Serving the communities of Bures St Mary and Bures Hamlet

The Bures Token


1. Trade tokens were not issued by the government but by merchants, tradesmen and manufacturers,
because of a lack of small change coppers - pennies, halfpennies and farthings.
Until the reign of Queen Victoria the government never issued enough of these coins. George II stopped issuing them in 1764 and George III only issued them between 1770 and 1775.
By the late 1780s there was not enough small change in circulation; in addition, the coins that were available were very worn and there were many forgeries.
Tradesmen and manufacturers took a practical view and decided to issue their own coins, although this was illegal and the government didn`t agree with them.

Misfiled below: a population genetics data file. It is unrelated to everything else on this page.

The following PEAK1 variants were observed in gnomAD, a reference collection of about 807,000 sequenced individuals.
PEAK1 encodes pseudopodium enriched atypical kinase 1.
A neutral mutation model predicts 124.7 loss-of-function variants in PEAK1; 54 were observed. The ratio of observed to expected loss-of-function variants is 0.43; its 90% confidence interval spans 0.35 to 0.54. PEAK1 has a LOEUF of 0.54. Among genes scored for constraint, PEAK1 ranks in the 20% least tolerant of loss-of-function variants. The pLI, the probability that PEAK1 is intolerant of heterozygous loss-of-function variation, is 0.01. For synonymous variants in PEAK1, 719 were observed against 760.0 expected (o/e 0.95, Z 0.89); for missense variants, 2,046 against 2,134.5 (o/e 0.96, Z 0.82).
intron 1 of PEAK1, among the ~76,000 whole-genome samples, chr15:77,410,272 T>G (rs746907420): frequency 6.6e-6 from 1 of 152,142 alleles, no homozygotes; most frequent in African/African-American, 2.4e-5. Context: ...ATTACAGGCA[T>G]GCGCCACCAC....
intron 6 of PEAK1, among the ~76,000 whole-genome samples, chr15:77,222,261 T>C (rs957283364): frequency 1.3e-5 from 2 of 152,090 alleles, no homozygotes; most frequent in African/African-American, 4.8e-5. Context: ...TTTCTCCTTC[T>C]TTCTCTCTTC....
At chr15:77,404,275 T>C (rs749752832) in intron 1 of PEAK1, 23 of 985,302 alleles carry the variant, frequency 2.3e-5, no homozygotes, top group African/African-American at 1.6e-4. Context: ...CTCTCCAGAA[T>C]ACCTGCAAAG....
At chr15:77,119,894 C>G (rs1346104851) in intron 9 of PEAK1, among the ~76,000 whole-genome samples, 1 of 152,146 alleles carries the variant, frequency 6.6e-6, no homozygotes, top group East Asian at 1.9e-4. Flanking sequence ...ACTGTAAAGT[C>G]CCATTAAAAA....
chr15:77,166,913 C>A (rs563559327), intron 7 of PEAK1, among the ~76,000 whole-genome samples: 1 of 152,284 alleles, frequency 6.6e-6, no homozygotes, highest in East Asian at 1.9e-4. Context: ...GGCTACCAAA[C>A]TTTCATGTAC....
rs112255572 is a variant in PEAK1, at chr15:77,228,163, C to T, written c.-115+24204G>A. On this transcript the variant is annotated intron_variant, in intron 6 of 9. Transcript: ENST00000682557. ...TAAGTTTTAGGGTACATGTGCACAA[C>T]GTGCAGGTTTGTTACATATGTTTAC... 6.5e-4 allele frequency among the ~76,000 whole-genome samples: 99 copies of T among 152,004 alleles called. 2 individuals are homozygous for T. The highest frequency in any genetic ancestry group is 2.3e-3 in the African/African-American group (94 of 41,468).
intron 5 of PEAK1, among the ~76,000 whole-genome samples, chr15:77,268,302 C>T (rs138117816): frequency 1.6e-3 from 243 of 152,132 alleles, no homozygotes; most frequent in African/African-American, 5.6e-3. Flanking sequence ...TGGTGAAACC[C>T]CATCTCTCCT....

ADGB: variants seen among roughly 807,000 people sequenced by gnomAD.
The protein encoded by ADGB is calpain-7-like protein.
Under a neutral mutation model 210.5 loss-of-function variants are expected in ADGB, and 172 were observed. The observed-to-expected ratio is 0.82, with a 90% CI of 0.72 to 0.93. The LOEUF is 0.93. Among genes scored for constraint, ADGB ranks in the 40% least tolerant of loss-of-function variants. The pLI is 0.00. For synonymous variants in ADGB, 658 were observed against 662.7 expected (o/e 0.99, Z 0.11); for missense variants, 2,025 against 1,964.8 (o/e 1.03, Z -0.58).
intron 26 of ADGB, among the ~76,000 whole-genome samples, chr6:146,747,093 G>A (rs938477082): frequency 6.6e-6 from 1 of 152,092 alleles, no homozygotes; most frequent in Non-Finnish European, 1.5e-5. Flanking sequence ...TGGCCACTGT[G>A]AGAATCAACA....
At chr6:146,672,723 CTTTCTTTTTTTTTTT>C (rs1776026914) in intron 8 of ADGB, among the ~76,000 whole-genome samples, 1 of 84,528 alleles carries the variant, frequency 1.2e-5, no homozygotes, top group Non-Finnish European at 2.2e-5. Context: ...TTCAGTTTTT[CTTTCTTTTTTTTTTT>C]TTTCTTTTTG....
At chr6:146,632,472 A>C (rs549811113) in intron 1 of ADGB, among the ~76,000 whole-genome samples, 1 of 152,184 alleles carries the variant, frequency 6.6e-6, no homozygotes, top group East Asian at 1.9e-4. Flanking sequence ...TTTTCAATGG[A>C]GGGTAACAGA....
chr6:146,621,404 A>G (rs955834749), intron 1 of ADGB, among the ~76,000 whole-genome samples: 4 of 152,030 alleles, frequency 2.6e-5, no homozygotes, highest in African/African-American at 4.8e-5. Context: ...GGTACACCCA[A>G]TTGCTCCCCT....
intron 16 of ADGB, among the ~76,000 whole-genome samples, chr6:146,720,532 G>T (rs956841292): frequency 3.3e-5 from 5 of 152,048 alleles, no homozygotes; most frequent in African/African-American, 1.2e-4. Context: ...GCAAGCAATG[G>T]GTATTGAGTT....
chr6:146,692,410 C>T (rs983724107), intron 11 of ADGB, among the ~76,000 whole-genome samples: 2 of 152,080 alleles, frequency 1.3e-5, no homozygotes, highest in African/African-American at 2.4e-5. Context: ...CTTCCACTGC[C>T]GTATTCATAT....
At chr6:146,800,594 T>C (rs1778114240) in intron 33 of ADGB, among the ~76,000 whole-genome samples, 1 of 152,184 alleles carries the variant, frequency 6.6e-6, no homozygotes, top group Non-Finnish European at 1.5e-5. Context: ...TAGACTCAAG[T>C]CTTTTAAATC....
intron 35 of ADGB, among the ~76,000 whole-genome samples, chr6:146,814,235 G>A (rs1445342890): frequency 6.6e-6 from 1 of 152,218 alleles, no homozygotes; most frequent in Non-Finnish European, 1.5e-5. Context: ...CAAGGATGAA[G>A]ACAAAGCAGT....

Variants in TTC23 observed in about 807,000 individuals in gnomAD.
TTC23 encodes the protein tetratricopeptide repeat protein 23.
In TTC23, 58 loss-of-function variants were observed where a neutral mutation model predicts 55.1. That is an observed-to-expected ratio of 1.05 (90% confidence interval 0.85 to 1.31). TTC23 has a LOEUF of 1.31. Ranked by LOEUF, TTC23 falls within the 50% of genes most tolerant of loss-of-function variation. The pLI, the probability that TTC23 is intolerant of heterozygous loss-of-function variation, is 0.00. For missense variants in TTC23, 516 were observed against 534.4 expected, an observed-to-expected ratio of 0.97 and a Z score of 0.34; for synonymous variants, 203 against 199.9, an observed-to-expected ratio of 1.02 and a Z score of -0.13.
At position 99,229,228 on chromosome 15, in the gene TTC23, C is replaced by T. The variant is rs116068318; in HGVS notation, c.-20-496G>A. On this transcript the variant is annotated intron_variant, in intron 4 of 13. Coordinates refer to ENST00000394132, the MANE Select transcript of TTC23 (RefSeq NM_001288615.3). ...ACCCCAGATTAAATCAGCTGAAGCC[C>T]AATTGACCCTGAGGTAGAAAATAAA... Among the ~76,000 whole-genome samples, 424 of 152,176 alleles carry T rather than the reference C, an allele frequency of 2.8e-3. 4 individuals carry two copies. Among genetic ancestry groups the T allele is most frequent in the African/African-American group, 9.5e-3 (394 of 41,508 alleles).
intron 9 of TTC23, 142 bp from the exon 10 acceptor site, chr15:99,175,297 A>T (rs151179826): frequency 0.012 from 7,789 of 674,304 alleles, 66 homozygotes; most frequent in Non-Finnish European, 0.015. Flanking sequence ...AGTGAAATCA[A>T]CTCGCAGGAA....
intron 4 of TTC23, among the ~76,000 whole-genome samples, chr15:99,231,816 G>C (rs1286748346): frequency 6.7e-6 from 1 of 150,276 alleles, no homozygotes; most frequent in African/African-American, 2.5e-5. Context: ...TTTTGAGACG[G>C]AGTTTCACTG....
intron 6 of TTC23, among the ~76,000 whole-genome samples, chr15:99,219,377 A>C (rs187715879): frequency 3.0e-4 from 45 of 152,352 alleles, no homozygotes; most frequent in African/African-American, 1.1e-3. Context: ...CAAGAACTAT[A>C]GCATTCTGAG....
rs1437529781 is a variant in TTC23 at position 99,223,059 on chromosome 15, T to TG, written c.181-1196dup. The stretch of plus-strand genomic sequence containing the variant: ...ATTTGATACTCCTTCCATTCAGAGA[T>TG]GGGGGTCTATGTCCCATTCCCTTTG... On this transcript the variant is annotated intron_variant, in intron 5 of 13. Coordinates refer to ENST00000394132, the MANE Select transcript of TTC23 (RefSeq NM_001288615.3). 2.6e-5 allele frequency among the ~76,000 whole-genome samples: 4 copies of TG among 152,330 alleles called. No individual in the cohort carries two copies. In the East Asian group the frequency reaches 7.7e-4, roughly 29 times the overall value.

A grocer would issue them, to help him in his day-to-day trading and to enable him to provide the halfpenny change which was so very necessary at the time.

2. In the seventeenth century a vast number of traders tokens were made and used.
Almost every, different occupation (business) were represented. A major impetus for the
production of these tokens was the tremendous increase in trade with goods being made for cash sale,
but this coincided with a severe shortage of small denomination coins. Consequently traders issued
their own small value coinage to be given as change when selling goods.
Research courtesy of Google

token token
Bures token. The actual size compares with todays 5p piece. The left picture is engraved "BEWERS 1659" .
The right picture is engraved "THOMAS DANIELL"

Courtesy of John Ineson.